The Borderlands of Science: Where Sense Meets Nonsense

The Borderlands of Science: Where Sense Meets Nonsense

The Borderlands of Science: Where Sense Meets Nonsense

The Borderlands of Science: Where Sense Meets Nonsense

Synopsis

An eye-opening exploration of the fuzzy terrain where science leaves off and nonsense begins In The Borderlands of Science, Michael Shermer takes us to the place where real science, borderline science-and just plain nonsense-collide. Shermer argues that while science is the best lens through which to view the world, it is often difficult to decipher where valid science leaves off and borderland, or "fuzzy" science begins. To solve this dilemma, he looks at a range of topics that put this boundary line in high relief. For instance, he debunks the many "theories of everything" that try to reduce the complexity of the world to a single principle. He examines the work of Darwin and Freud, explaining why one is among the great scientists in history, while the other has become nothing more than a historical curiosity. And he reveals how scientists themselves can be led astray, as seen in the infamous Piltdown hoax-the set of ancient hominid bones discovered in England that after decades turned out to be nothing more than an elaborate forgery. From SETI (Search for Extraterrestrial Intelligence) and acupuncture to hypnosis and human cloning, this enlightening book will help readers stay grounded in common sense amid the flurry of supposedly scientific theories that inundate us every day.

Excerpt

In late September of 1999 I went to Stonehenge, the magnificent Druidical stones laid out in the countryside of southern England. Well, sort of. I traveled to Stonehenge…inmy mind…as part of an experiment on a phenomenon called “remote viewing,” the belief that one can, in the words of my remote-viewing instructor—Dr. Wayne Carr of the Western Institute of Remote Viewing in Reno, Nevada—“experience, feel, see, and describe, detailed and accurate information on any event, person, being, place, process or object that has ever existed, does exist, or will exist.” According to Carr:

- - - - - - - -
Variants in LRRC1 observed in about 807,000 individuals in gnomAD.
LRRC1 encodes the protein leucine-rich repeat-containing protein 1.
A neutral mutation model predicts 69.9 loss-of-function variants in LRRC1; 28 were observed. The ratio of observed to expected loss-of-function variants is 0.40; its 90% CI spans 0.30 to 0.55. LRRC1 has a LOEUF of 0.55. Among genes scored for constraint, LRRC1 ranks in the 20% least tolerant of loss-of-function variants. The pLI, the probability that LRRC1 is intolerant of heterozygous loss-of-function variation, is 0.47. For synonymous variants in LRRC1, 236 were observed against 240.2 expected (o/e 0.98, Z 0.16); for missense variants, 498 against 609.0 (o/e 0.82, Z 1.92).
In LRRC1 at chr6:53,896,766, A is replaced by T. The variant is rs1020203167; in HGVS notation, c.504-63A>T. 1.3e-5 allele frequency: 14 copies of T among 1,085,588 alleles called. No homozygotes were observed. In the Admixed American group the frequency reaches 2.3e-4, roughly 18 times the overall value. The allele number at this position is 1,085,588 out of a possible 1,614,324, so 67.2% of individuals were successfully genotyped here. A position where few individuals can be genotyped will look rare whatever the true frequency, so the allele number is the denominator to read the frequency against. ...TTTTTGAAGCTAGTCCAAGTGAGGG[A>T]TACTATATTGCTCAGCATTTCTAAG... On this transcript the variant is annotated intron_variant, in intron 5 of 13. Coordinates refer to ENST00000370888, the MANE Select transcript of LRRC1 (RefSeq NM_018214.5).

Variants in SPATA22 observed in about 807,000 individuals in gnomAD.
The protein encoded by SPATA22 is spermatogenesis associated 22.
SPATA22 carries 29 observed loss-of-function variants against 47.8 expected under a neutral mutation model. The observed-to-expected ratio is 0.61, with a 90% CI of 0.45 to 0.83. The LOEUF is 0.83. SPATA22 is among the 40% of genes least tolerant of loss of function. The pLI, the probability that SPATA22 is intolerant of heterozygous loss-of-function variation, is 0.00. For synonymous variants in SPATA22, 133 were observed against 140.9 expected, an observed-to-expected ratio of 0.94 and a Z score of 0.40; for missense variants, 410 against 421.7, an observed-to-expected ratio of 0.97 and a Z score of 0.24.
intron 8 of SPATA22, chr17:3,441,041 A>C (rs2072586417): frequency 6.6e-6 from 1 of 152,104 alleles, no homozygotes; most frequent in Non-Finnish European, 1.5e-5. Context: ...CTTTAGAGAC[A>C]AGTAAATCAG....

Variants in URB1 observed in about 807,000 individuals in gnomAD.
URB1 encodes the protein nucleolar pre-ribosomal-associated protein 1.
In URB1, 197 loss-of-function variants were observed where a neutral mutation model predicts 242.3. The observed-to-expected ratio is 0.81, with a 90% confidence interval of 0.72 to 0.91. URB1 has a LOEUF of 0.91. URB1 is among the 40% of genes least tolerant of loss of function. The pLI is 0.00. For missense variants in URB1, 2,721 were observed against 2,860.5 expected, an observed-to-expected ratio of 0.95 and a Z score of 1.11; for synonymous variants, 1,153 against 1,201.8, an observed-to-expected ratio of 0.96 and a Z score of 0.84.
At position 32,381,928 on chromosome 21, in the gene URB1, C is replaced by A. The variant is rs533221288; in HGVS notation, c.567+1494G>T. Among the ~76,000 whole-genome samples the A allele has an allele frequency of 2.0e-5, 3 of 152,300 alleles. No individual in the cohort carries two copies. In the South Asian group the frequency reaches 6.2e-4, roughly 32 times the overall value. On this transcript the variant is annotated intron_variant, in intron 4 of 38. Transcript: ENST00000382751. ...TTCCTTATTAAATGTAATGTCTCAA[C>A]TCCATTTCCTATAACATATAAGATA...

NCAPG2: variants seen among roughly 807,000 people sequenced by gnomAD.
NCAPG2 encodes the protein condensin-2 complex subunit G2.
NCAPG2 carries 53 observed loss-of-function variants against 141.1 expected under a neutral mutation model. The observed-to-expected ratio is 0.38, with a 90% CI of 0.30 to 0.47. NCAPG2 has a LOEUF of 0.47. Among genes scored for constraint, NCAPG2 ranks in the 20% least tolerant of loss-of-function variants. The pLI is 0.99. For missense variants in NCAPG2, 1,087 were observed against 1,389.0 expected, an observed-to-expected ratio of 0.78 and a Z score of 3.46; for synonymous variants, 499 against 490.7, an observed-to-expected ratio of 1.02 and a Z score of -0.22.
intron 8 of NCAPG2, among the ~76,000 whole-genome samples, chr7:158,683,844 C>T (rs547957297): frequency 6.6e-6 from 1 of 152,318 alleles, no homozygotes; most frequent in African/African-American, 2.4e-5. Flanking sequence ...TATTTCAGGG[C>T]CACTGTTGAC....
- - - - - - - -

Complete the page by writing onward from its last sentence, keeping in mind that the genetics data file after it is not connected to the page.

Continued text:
Historically, remote viewing was developed at Stanford Research Institute for the army and the Defense Intelligence Agency. It was used in a secret espionage program for twenty years. This is why few people had heard of remote viewing untilabout three years ago when the government went public on “Nightline.” Protocols have now been refined to allow trained remote viewers consistent detailed accuracy. Remote viewing could be considered a distant cousin to some other psychic disciplines, with the main difference being the extremely high and consistent accuracy. A single remote viewing usually takes about an hour or more. During this time, one can become “bilocated” and have strong “target” contact with all of one's senses. A target can be in the past, present or future. This is not some kind of “psychic network”; rather it is a serious scientific technique for exploration.

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